"I can see children. I can feel normal," Echols, 43, explained. "I love being able to see families interacting with each other. I'm not an inmate for that moment."
And he could be an inmate forever.
Echols has been a Michigan prisoner nearly 25 years — his entire adult life — for killing a man during a sudden dispute over a car near Detroit. In 1989, Judge Michael Talbot sentenced the 18-year-old to a minimum of 75 years, an astonishing punishment when the guidelines called for a minimum of 10 to 25.
Echols essentially is serving a life sentence. Years of good behavior will shave time, but he'll still have to live to age 83 to file his first application for parole.
"That's the injustice," he said.
In March, the Michigan Supreme Court turned down his personal 40-page appeal for help but noticed the unusual facts. The justices said he could apply to have his sentence shortened by a governor, a difficult process with extremely long odds of success. Justice Michael Cavanagh, however, said Echols deserved more from the state's top court.
"This is an exceptional case in which defendant's sentence is illegal," wrote Cavanagh, who believes a new sentence is appropriate.
University of Michigan law professor Paul Reingold said: "These are the saddest cases because the injustice seems patent, but the avenues for relief are closed off by procedural rules or substantive reservations."
Echols spoke to The Associated Press at the Cotton prison in Jackson. Without making excuses or blaming others, he described his turbulent childhood, the circumstances of the crime and his unrestrained optimism about winning freedom someday and becoming a mentor to young people.
Prison has "saved my life, but I don't want it to be the sum of my life," Echols said. "I see guys go home every Tuesday. I say one day it's going to be me."
He said he spent the '80s as a kid in foster homes and group homes while his mother was in prison. His last stop was a home in Kalamazoo before he returned to Detroit at age 18 with few life skills and began selling drugs.
In 1989, on the day of a downtown rally to celebrate the NBA champion Detroit Pistons, Echols was with a friend who was interested in a used car. He said he was in the back seat when the owner in the front seat began arguing with his pal over price. Echols pulled a gun and fired, although he insists he killed Flery Ivery in self-defense.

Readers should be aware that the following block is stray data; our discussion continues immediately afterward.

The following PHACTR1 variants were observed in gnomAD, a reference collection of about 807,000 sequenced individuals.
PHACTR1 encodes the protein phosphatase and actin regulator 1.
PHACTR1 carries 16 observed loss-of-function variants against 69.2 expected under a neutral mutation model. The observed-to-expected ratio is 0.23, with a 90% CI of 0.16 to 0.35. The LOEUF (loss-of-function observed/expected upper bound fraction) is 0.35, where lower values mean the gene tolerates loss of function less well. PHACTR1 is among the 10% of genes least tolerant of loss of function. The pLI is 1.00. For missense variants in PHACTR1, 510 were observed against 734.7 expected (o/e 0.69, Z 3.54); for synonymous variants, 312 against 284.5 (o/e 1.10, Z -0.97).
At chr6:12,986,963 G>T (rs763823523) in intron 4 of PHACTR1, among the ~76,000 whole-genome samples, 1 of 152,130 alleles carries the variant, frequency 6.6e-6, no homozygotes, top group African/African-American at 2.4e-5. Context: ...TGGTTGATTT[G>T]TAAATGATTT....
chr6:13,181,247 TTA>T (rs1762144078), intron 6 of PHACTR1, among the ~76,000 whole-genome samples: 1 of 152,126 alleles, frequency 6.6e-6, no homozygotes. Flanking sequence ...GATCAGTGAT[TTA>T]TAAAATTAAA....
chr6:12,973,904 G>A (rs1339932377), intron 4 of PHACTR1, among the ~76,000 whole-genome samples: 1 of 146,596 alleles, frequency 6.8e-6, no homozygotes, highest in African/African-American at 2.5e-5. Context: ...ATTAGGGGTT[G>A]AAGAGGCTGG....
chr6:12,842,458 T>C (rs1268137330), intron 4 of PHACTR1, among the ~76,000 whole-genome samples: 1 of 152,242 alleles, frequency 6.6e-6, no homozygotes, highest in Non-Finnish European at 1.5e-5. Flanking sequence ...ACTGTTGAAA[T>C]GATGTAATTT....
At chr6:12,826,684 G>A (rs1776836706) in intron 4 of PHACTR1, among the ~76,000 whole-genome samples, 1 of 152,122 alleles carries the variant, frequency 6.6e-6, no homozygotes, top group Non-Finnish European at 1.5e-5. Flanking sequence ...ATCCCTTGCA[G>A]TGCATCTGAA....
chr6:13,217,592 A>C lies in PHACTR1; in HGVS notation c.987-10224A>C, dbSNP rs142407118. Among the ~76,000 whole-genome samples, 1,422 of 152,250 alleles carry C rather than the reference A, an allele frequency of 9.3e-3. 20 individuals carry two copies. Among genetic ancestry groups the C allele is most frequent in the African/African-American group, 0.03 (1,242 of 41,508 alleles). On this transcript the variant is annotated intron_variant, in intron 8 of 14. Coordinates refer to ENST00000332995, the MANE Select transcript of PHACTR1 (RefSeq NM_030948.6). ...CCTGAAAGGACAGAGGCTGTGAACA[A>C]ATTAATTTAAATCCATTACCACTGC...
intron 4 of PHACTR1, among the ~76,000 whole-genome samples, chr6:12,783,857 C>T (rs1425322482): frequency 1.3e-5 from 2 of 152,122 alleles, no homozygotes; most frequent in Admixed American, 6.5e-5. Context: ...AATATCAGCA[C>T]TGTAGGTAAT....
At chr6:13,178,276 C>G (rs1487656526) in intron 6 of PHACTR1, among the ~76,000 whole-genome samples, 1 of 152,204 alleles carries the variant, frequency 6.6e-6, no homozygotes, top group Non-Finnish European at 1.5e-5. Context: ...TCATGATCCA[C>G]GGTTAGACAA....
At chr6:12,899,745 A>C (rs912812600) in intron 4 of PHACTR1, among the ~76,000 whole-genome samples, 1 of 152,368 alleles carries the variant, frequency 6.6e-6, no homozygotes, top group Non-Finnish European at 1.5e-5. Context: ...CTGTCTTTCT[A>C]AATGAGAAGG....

"He just went berserk," Echols said, showing a scar on his hand. "He grabbed something from under the seat and came up — wham! I knew I was hit with something. I'm dripping blood. ... I didn't go there looking to kill a man. I had no malice in my heart. I swear to God I didn't want that to happen.
"We were knuckleheads. When you're insecure and young," Echols added, "you do foolish stuff."
He said he turned down a plea deal because he genuinely felt he shot in self-defense. A Wayne County jury, however, convicted him of second-degree murder. Guidelines called for a minimum sentence of 10 to 25 years, but Talbot, the judge, felt it wasn't enough. He ordered 75 to 150 years, plus two years for using a gun.
Why? It's not known today because the transcript is missing. In 1992, the Michigan appeals court affirmed the conviction and sentence, saying Talbot "thoroughly explained his reasons" to stretch far beyond the guidelines.
Talbot, now an appeals court judge, declined to be interviewed by the AP.
Dennis Kolenda, a former Kent County judge who knows Talbot, said Echols' punishment doesn't seem fair because it puts the opportunity for parole so far out of reach.
"How can we decide what a person will be like in 20, 25 years? Let's structure a sentence that recognizes the possibility that people change," Kolenda said.
Cavanagh of the Supreme Court said Talbot abused his authority and seemed to have chosen a sentence just to ensure that Echols never gets a parole hearing unless he's still alive in his 80s.
Echols was "only 18 years old and had one prior conviction for cocaine possession," Cavanagh wrote in March. "Defendant's youth at the time of the offense and his lack of a violent history do not support the trial court's contention that he deserves abnormal punishment or that he poses a greater danger to society than others who have been convicted of second-degree murder."
Gov. Rick Snyder has commuted, or changed, the sentences of only four inmates, all because of failing health, said Corrections Department spokesman Russ Marlan.
In 2010, Echols asked the parole board to recommend a commutation to Gov. Jennifer Granholm but was turned down, Marlan said.
"Only in rare circumstances does the board feel they should step in and do something different than what was handed down by the sentencing court," Marlan said.
Echols brought a folder to his interview with the AP. It was stuffed with certificates about his accomplishments behind bars, including a play he wrote in 2010 about an inmate preparing to get out and become a mentor. He said "Tighten Up" was performed twice in prison.
"It can take the wind out of your sails but I'm not giving up," Echols said of his efforts to win release. "Everyone who sees me doesn't equate my sentence with me. This place is for monsters. There are people who need to be here. But me? I've done my time."